Venezuelans Thirsty in a Land of Abundant Water: Since 2008 Venezuela has boasted that it met the Millennium Development Goal of halving the number of people who do not have access to safe drinking water, reporting that clean water now reaches 96 percent of the population of 30 million.
But in 2003, 2009 and now 2014, with the changes in rainfall patterns caused by the El Niño and La Niña climate phenomena, large segments of the urban and rural populations have found that the taps are dry, or running only sporadically, or the water is brown because of the mud, or green due to organic material. “Since 2011, the taps almost always run dry. Families here pay 1,000 bolivars each [20 dollars, one-quarter of the minimum monthly wage] to pay the tanker trucks that bring us water,” street vendor Dulce Hernández from Carayaca, a town on the Caribbean coast north west of Caracas, told Tierramérica.
The Global Pressures of Population and Access to Clean Water: The US Census Bureau’s World Clock says that the population of the world today is estimated at 7.008 billion people, while projections show that the world could reach the 9 billion marker by 2050. In the last of its series called “7 Billion: Conversations That Matter,” Aspen Institute’s Global Health and Development today hosted a panel of experts based in Africa and the United States on the interconnectedness of gender issues, family planning, population and access to safe water.
The point of the series was to ask questions about why it mattered that the world was passing the 7 billion mark, and the questions today in Washington were appropriately big: Will water wars replace oil wars? What are the solutions to expand water and sanitation to the 2.5 billion people who don’t have it? And just how many people can the world support in an equitable fashion?
Freshwater rivers and lakes are subject to seasonal floods and droughts that can limit their availability for people and for agriculture. At present only 5% of arable land is irrigated. Now scientists have for the first time been able to carry out a continent-wide analysis of the water that is hidden under the surface in aquifers. Researchers from the British Geological Survey and University College London (UCL) have mapped in detail the amount and potential yield of this groundwater resource across the continent.
"Where there's greatest ground water storage is in northern Africa, in the large sedimentary basins, in Libya, Algeria and Chad," she said. "The amount of storage in those basins is equivalent to 75m thickness of water across that area - it's a huge amount." Who would have thought? Water, Water, Water — Libya’s Hidden Asset: The Great Man-Made River, as the largest water transport project ever undertaken, has been described as the “eighth wonder of the world”. It carries more than five million cubic metres of water per day across the desert to coastal areas, vastly increasing the amount of arable land. The total cost of the huge project is expected to exceed $25 billion (US).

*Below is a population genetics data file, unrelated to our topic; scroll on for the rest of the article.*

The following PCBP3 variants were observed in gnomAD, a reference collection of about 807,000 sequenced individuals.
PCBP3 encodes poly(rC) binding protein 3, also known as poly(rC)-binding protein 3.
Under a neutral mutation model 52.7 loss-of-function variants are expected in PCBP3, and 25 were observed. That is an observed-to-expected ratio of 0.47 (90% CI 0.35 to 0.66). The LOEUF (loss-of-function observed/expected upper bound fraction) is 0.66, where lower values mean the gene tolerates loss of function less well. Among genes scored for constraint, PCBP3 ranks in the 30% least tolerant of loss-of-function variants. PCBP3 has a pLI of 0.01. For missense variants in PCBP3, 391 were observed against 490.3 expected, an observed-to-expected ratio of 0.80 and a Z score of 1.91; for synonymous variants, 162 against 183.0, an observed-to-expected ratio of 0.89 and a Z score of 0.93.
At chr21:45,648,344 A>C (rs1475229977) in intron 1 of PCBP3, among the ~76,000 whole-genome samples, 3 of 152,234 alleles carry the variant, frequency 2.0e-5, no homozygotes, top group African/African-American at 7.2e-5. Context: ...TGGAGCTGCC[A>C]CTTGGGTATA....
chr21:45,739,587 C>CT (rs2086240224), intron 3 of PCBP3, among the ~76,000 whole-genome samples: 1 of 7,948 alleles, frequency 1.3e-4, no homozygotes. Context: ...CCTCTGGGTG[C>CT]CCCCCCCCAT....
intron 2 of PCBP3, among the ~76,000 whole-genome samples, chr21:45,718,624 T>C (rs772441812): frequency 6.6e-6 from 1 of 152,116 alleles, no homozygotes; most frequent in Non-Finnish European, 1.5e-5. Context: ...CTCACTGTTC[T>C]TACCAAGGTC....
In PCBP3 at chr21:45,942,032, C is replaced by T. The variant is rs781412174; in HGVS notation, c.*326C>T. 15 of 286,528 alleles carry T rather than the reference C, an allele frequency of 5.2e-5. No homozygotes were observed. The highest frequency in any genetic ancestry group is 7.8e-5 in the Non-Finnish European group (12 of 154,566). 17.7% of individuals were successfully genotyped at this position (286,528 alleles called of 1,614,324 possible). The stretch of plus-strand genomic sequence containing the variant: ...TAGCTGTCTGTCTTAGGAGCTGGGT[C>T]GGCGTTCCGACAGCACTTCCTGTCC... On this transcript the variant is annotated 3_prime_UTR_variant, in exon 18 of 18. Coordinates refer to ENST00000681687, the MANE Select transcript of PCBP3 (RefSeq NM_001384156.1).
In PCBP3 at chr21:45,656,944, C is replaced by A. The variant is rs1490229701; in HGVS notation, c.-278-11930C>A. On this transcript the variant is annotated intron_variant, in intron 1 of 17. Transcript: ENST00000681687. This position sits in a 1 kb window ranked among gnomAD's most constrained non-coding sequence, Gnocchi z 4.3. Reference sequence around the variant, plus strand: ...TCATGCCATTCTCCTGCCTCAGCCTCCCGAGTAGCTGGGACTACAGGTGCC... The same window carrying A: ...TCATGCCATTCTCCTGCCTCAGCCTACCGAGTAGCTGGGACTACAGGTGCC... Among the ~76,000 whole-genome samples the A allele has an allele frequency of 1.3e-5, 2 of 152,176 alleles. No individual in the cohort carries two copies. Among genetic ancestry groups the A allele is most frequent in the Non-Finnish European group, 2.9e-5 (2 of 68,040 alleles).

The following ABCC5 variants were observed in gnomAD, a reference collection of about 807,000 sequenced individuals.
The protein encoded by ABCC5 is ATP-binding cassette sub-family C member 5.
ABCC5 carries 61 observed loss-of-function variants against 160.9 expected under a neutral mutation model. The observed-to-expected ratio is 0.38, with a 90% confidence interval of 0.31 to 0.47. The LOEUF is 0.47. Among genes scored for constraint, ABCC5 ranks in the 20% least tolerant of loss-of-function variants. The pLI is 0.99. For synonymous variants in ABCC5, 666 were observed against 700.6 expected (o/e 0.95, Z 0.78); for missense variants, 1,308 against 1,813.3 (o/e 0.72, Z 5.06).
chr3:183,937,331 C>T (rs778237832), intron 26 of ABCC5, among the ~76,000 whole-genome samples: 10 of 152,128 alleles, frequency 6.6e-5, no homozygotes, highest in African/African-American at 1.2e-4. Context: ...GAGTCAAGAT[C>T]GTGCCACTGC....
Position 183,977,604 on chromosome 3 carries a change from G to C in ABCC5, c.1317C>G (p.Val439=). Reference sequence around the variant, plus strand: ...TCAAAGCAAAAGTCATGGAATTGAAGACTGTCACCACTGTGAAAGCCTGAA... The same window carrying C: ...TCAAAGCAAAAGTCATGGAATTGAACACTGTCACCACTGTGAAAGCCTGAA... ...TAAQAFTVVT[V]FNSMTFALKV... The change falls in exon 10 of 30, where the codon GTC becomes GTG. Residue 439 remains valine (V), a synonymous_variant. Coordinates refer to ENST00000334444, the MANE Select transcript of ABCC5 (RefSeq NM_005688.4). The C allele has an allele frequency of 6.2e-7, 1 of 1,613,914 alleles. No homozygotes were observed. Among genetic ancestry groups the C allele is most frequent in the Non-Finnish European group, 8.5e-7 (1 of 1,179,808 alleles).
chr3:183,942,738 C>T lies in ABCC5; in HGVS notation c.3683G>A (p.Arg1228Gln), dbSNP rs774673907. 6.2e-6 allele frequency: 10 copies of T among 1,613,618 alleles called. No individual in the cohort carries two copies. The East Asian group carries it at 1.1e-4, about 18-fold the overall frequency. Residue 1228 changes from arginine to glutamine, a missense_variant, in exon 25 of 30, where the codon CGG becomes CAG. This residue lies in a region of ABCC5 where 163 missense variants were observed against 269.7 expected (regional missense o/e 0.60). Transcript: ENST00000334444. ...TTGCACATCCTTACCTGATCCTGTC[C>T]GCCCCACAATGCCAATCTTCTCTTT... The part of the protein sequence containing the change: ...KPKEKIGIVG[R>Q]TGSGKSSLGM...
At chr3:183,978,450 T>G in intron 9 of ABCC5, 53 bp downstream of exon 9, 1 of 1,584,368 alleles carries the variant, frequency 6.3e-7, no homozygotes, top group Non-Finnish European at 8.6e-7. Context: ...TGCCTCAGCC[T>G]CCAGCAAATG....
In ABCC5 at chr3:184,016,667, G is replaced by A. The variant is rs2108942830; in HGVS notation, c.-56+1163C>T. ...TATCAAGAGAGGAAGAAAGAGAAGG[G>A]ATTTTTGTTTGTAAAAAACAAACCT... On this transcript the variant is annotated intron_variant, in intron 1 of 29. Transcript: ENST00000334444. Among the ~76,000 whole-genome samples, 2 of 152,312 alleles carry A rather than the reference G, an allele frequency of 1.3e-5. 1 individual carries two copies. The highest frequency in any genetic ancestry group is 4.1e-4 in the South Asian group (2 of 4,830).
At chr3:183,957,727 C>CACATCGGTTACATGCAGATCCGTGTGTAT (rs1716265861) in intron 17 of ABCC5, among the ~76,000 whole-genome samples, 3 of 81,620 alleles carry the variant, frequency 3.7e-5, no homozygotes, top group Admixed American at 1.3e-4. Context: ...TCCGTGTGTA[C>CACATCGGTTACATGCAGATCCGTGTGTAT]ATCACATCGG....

The Life and Secrets of Water: Experts in the scientific communities as well as homeopathy and holistic sciences have proven the “Memory” of water; the carrying capacity of water for “energy,” and the ability of water to “remember”.
Experts realize that water retains information, even after the most stringent purification and filtration processes. This is termed the energy signature or vibrational imprint. The vibrational imprint of toxins (mercury, lead, chromium, etc.) can be picked up by the water molecule and are in turn passed on to living organisms. As you see from the pictures below, words, thoughts and sounds directly affect the water in your body and all living organisms.
Clean water for the entire world an ambitious goal but thanks to man an impossible endeavor
Water, water everywhere and not enough to drink or use
We will survive however with growing climatic destruction and a growing permanent hungry nomadic world population remember the Movie Soylent Green?
The end result has long been here! Growing worlds water wars